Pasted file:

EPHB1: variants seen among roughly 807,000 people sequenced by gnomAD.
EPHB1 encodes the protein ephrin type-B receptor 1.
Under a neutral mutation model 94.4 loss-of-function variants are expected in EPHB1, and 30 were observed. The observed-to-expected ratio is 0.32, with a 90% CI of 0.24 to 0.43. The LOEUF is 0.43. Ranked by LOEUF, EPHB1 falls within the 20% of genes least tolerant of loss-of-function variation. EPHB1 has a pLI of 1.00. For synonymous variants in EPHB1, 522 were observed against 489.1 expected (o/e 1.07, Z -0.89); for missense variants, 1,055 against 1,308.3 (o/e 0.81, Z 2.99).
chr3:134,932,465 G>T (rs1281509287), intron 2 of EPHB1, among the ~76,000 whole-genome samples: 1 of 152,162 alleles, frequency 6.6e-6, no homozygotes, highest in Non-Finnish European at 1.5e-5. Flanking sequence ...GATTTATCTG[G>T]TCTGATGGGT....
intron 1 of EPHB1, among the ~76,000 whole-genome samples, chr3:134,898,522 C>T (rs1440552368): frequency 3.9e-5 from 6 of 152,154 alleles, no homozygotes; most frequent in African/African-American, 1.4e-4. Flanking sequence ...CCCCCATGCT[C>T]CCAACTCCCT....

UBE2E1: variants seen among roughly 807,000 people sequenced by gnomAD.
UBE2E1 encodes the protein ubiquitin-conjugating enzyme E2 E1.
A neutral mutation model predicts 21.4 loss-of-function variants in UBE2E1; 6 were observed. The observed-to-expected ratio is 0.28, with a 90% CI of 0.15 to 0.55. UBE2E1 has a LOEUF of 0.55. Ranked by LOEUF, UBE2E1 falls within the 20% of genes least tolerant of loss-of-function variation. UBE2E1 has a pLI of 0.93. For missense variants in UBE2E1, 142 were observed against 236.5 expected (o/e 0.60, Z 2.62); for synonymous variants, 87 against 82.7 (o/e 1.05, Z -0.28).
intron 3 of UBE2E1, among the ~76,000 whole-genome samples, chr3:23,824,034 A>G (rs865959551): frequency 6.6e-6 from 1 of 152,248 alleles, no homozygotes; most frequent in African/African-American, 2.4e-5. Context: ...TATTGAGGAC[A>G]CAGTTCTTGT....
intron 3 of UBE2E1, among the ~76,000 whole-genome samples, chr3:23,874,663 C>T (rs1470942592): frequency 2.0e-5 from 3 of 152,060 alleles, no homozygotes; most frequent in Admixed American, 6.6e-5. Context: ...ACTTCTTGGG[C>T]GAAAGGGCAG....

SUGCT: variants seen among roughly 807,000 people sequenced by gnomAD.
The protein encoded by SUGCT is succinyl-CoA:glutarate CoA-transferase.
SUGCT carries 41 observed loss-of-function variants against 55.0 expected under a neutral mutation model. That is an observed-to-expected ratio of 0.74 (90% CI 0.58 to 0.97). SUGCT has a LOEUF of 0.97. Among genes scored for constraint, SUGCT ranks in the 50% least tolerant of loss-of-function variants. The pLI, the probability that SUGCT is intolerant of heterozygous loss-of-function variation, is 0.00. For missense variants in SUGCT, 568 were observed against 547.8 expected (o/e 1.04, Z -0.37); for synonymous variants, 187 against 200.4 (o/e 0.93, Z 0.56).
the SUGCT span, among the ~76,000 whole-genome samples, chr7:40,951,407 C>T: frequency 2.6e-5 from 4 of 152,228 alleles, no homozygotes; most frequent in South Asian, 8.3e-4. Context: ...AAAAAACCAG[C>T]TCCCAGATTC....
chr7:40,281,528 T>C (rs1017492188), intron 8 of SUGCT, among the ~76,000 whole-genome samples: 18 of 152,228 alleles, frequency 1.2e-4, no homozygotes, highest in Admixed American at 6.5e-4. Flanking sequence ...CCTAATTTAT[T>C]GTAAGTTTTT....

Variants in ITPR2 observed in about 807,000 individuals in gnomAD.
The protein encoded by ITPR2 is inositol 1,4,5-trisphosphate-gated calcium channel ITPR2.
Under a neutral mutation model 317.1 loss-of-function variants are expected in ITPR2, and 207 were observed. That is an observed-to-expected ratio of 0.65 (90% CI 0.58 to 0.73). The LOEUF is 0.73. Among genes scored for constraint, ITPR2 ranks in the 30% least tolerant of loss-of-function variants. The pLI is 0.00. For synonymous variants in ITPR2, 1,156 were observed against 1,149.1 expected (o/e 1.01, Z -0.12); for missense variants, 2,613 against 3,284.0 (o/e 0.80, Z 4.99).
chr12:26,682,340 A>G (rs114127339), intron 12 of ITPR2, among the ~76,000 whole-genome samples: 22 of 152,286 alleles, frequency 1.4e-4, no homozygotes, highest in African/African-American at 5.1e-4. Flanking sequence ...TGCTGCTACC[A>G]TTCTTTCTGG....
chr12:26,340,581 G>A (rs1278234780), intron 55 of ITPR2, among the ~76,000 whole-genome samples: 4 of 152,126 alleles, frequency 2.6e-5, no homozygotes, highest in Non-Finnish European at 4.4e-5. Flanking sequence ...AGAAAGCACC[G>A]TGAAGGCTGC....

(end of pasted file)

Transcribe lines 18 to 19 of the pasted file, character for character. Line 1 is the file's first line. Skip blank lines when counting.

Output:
Under a neutral mutation model 317.1 loss-of-function variants are expected in ITPR2, and 207 were observed. That is an observed-to-expected ratio of 0.65 (90% CI 0.58 to 0.73). The LOEUF is 0.73. Among genes scored for constraint, ITPR2 ranks in the 30% least tolerant of loss-of-function variants. The pLI is 0.00. For synonymous variants in ITPR2, 1,156 were observed against 1,149.1 expected (o/e 1.01, Z -0.12); for missense variants, 2,613 against 3,284.0 (o/e 0.80, Z 4.99).
chr12:26,682,340 A>G (rs114127339), intron 12 of ITPR2, among the ~76,000 whole-genome samples: 22 of 152,286 alleles, frequency 1.4e-4, no homozygotes, highest in African/African-American at 5.1e-4. Flanking sequence ...TGCTGCTACC[A>G]TTCTTTCTGG....